13.5: Run-on Sentences
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What is a run-on sentence?
A run-on sentence happens when we put two or more complete ideas together in a sentence without joining them correctly. Not all long sentences are run-ons. A sentence can be many lines and still be correct if all its parts are connected with the correct punctuation and connecting words.
A comma is not enough to correctly join two complete thoughts or independent clauses. Using a comma to join complete thoughts is a type of run-on sentence error called a comma splice.
- Run-on sentence: Driverless cars with drivers in them are becoming common companies must be test driving the technology.
- Comma splice: Driverless cars with drivers in them are becoming common, companies must be test driving the technology.
Fixing run-on sentences
There are several options for fixing a run-on sentence. We can keep the two complete ideas together in one sentence, or we can separate them into two sentences. If we keep them together, we can add a word to clarify the connection between the two ideas, or, if the connection is already obvious, we can connect them with the right punctuation. Punctuation alone can technically fix a run-on; however, if readers are likely to miss the connection between the two ideas, a connecting word will be important as well. There are several types of connecting words, each of which needs different punctuation. We can consider which option best helps the reader absorb the ideas and see their relationship.
Use a period to separate the ideas
Adding a period will correct the run-on by creating two separate sentences. This allows the reader to absorb the ideas one at a time. This can be a good option if the connection between the ideas is clear, if the combination is difficult to follow, and if the piece of writing does not already have too many short sentences. It's worth considering the other options as well before deciding to fix a run-on with a period.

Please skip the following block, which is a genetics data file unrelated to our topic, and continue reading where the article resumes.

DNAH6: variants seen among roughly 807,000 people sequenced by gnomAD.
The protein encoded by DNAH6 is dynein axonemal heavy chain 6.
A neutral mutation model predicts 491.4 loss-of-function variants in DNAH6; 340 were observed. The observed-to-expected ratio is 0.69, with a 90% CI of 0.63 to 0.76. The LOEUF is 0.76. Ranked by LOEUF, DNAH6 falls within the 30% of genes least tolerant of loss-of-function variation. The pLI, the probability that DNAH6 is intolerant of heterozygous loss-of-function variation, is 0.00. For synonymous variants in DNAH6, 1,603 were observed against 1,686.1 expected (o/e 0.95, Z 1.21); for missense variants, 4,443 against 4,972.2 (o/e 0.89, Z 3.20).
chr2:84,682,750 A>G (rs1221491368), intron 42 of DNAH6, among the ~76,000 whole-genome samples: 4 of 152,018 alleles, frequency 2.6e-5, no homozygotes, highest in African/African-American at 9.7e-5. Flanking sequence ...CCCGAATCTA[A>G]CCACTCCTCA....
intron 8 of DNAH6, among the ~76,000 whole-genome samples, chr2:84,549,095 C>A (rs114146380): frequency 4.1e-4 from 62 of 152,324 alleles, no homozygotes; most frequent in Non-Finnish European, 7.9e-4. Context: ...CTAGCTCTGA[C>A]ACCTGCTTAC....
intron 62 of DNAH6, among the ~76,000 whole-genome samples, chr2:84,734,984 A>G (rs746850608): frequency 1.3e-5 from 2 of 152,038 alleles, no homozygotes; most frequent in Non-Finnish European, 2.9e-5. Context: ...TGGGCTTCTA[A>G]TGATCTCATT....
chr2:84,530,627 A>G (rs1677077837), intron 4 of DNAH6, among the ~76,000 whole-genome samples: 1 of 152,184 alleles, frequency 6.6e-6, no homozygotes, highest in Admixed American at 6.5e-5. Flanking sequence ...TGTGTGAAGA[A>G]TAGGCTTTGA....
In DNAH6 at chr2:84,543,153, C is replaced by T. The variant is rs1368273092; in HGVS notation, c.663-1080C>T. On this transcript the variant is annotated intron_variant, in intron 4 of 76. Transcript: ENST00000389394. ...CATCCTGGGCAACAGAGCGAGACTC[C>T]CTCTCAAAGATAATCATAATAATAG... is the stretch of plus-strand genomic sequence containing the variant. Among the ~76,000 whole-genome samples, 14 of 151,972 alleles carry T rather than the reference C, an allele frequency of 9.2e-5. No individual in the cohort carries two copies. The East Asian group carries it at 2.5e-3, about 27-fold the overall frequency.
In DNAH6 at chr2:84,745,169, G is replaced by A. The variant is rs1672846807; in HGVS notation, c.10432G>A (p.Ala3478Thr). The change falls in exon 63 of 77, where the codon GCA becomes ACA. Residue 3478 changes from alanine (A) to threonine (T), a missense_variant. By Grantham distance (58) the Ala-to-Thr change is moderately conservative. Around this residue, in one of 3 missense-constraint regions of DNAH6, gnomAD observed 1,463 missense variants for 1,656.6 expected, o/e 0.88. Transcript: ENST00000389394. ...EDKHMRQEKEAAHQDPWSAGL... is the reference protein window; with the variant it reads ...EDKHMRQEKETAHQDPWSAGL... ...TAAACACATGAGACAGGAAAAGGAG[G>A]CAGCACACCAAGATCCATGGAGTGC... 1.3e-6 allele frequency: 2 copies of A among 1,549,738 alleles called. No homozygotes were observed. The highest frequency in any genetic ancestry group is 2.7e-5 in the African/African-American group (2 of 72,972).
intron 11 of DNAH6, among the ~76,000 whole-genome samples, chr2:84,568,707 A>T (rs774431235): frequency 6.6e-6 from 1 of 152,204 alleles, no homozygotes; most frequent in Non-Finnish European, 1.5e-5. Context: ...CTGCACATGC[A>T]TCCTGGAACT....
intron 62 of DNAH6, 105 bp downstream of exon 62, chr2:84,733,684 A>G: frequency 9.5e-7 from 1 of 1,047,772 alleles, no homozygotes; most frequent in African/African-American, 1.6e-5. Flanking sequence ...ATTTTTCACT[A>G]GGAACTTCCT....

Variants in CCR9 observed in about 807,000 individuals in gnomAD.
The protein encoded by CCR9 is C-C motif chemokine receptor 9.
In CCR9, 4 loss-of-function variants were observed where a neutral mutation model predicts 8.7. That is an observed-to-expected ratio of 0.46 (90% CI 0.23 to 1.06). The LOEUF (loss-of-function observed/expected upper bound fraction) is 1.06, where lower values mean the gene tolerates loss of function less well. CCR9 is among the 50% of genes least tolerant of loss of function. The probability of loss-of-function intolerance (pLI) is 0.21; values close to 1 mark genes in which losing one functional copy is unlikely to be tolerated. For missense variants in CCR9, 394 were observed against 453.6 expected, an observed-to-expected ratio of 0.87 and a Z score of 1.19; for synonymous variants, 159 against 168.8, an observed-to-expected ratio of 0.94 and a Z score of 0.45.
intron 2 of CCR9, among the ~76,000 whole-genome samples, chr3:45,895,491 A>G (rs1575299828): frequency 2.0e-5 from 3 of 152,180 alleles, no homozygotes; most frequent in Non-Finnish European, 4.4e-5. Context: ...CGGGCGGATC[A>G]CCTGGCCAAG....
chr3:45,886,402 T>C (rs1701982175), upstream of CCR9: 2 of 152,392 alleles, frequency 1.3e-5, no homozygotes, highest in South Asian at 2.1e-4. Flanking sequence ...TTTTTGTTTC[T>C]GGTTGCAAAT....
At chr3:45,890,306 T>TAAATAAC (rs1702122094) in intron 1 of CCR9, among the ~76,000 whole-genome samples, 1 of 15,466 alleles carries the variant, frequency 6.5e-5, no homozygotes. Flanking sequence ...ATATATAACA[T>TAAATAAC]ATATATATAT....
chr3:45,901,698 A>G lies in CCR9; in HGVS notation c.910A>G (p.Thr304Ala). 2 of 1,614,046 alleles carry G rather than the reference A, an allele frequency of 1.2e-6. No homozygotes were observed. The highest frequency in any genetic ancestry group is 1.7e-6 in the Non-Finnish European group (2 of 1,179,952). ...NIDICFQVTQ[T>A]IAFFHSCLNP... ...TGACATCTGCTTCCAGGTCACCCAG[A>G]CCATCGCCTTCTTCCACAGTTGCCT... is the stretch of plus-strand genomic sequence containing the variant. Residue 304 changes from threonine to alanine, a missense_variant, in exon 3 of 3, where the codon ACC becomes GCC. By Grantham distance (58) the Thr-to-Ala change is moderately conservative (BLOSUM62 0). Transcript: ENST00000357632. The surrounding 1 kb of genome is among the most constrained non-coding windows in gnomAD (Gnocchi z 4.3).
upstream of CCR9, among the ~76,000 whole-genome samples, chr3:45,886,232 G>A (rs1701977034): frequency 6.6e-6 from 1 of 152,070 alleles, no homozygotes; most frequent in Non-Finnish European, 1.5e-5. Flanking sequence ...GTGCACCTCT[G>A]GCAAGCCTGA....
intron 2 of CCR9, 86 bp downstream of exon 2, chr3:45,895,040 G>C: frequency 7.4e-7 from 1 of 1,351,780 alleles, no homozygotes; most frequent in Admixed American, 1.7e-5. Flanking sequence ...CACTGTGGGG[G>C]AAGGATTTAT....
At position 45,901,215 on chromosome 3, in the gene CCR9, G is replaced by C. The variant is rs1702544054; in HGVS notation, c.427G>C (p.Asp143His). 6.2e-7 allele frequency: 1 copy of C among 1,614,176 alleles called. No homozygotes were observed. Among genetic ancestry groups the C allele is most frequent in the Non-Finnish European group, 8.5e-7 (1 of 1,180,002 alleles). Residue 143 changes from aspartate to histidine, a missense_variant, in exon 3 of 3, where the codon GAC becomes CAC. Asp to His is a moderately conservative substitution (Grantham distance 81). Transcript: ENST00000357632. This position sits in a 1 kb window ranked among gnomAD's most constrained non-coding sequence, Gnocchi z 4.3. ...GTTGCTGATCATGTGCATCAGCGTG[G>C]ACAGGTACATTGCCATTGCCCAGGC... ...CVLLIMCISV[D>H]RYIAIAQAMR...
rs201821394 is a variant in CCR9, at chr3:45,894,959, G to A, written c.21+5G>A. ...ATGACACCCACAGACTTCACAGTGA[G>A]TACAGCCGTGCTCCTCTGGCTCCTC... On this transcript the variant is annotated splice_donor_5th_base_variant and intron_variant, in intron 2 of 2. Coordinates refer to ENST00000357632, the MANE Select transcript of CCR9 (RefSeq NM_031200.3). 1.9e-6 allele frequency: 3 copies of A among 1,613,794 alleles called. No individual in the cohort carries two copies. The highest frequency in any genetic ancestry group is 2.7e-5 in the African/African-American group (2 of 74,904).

- Run-on: There were no seats left, we had to stand in the back.
- Complete sentence: There were no seats left. We had to stand in the back.
Use a semi-colon to keep closely related ideas together
A semi-colon can be used to connect two complete ideas or independent clauses in one sentence. Two closely related ideas can stay together this way without any additional words. This is a good option as long as it is clear how the two ideas relate.
- Run-on: The accident closed both lanes of traffic we waited an hour for the wreckage to be cleared.
- Complete sentence: The accident closed both lanes of traffic; we waited an hour for the wreckage to be cleared.
Use a coordinating conjunction
You can also fix run-on sentences by adding a comma and a coordinating conjunction. A coordinating conjunction acts as a link between two independent clauses.
These are the seven coordinating conjunctions that you can use: for, and, nor, but, or, yet, and so. Choose one that shows the relationship between the ideas when you want to link the two independent clauses. The acronym FANBOYS will help you remember this group of coordinating conjunctions. In the example below, we correct the run-on by adding the coordinating conjunction but between the two independent clauses.
- Run-on: The new printer was installed, no one knew how to use it.
- Complete sentence: The new printer was installed, but no one knew how to use it.
Use a conjunctive adverb